New Brunswick doctors say ban the tan

Artificial UV tanning has been classified as a carcinogen by the World Health Organisation, and is banned for minors in many Canadian jurisdictions. Despite many guidelines, the industry continues to target young girls as prime clients for many reasons.

To respond to the clinical and social challenges inherent in underage artificial UV tanning, New Brunswick doctors are asking for a complete ban on artificial ultraviolet tanning for New Brunswickers under 19.


New Brunswick was once a leader in preventing minors’ access to carcinogens. From 1992 to 2009, New Brunswick was the only province in Canada that banned children and youth from using tanning beds.[i]

When the new Public Health Act was created and the Radiation Act repealed, it omitted a section to govern the use of artificial UV tanning equipment by minors. In 2010, the Chief Medical Officer of Health announced voluntary guidelines, which include an age limit of 18, a ban on advertising any health benefits of artificial tanning and a limit of one tan every 48 hours.[ii] At the time, the industry was warned that if they failed to comply with the voluntary guidelines, they would face legislation.

Similar to national findings,[iii]a 2012evaluation conducted in New Brunswick found that 55% of tanning salon operators in New Brunswick would have allowed someone under 18 to use artificial tanning equipment.[iv] This follows on 2011 reports that 75% of tanning salons failed to display mandatory health warnings.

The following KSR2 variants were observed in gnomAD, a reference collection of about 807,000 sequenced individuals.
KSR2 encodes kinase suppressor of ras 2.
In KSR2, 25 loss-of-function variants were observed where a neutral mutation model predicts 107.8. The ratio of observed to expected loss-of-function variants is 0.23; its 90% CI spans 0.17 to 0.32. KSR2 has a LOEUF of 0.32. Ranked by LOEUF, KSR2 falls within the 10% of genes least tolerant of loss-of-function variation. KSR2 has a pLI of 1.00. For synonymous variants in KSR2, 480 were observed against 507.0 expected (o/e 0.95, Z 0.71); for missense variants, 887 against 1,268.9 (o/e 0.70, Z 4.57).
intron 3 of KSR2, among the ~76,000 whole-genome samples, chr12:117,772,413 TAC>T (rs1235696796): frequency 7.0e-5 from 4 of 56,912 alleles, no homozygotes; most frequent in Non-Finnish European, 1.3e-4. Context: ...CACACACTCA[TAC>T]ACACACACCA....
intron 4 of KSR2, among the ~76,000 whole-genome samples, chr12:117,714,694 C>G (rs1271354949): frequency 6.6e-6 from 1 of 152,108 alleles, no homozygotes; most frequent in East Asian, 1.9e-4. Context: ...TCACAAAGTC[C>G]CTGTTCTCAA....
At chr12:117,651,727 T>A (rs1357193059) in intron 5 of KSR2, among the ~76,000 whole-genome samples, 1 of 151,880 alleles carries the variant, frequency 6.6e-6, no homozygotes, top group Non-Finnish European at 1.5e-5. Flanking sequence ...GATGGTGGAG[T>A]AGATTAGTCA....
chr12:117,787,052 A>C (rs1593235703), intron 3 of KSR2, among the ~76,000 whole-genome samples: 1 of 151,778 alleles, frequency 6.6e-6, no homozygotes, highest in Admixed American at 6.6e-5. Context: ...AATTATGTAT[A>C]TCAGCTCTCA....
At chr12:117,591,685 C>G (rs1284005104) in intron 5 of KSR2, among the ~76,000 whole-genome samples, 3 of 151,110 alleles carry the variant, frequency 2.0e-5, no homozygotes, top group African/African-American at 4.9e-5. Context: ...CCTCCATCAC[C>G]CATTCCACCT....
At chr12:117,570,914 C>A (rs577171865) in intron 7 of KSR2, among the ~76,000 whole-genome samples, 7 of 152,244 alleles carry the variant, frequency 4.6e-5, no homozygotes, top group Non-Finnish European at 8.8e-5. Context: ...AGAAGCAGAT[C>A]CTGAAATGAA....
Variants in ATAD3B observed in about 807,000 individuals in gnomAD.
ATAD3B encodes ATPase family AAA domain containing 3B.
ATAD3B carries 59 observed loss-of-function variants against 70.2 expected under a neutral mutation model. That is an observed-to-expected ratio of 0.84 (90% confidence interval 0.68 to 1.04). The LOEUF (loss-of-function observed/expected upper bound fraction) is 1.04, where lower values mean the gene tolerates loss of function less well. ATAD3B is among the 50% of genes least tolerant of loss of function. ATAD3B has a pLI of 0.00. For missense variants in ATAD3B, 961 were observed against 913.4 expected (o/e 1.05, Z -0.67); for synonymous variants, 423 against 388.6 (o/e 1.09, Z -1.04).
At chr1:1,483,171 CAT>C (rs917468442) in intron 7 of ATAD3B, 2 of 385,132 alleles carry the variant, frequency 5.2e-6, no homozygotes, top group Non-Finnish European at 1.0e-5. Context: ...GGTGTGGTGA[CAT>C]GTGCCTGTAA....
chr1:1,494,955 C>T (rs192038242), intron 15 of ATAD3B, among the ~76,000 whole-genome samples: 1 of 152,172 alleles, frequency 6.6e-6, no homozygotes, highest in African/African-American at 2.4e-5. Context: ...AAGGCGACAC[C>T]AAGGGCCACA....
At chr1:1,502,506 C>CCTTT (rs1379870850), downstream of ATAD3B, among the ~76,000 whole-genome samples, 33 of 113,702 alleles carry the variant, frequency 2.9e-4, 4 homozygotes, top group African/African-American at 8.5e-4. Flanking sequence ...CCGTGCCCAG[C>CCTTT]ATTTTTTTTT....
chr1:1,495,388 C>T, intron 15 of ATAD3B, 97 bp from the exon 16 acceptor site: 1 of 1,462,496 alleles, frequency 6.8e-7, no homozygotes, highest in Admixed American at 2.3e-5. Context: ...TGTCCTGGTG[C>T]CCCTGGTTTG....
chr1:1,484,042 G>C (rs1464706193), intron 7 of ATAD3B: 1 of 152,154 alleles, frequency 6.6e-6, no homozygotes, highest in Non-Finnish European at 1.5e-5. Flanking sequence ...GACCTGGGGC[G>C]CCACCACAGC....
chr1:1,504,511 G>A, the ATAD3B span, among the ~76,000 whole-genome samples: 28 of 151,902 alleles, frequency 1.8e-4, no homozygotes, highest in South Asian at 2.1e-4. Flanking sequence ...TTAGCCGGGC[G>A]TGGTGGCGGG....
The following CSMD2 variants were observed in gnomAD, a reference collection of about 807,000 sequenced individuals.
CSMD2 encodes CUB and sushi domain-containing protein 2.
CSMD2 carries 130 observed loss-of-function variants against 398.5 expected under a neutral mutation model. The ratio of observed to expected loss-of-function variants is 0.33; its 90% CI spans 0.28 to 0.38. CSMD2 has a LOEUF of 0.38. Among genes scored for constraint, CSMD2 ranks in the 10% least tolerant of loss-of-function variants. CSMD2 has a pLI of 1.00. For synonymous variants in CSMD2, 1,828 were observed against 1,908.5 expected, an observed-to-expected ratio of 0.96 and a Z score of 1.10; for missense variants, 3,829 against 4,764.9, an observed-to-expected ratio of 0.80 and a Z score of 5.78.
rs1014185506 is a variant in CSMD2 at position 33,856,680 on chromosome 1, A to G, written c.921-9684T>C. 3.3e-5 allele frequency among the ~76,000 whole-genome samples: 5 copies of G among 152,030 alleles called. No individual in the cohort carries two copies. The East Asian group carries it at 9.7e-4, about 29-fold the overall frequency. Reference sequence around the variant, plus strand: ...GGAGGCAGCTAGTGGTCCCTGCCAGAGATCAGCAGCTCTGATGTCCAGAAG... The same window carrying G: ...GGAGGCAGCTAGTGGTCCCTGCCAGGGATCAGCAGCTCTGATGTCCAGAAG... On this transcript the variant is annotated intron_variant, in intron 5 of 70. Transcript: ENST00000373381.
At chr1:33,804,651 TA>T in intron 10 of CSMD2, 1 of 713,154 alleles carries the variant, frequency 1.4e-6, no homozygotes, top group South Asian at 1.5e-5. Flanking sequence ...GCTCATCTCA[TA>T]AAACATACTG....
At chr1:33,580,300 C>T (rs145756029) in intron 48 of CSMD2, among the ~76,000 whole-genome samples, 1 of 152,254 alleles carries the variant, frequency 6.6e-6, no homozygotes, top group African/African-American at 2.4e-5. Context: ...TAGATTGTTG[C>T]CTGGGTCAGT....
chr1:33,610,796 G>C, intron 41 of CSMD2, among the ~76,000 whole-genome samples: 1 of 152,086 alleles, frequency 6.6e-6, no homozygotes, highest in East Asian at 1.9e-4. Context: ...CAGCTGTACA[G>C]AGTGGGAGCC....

This year, a New Brunswick study of high school students found that 17% had recently used artificial UV tanning equipment. The findings showed that use is progressive with age, to the point where 1/3 of young girls were using tanning equipment by Grade 12.[v]

What are the clinical impacts?

Tanning comes from the impact of UVA and UVB rays on skin. Despite common myths, no tan is a safe tan. Tanning of any form has been linked to melanoma, the most deadly form of skin cancer. Its incidence is on the rise in both men and women in Canada. Last year in New Brunswick, approximately 170 people were newly diagnosed with melanoma, and 20 New Brunswickers died of this cancer.[vi]

Artificial UV tanning equipment is particularly dangerous; it has been classified as carcinogenic for humans.[vii],[viii] In fact, it has been recently reclassified to the highest cancer risk category by the International Agency for Research on Cancer – which groups the safety of artificial UV tanning with activities like smoking, paving, painting, ironworking, and chimney sweeping.

While tanning outside is also unsafe, the reason why indoor tanning equipment is so dangerous is because the UVA emissions can be five times that of the mid-day sun.[ix] For example, twenty minutes of exposure in a tanning bed may equal up to two hours spent on the beach under the hot mid-day sun with no sun protection.[x]

What is known about tanning in youth?

Tanning before the age of 30 is particularly risky[xi] because there is research which shows a link with a heightened lifelong risk of melanoma.[xii] In 2006, a systematic review showed that people who said they had ever used artificial UV tanning equipment before age 35 had a 75% increased risk of melanoma.[xiii] A 2012 update showed that risk increasing to 87%.[xiv]

Contrary to what many people think, artificial UV tanning does not provide any protection against future UV damage to the skin. [xv]  

For these reasons, the World Health Organization (WHO) released a 2005 recommendation that no person under the age of 18 should use a sunbed.[xvi]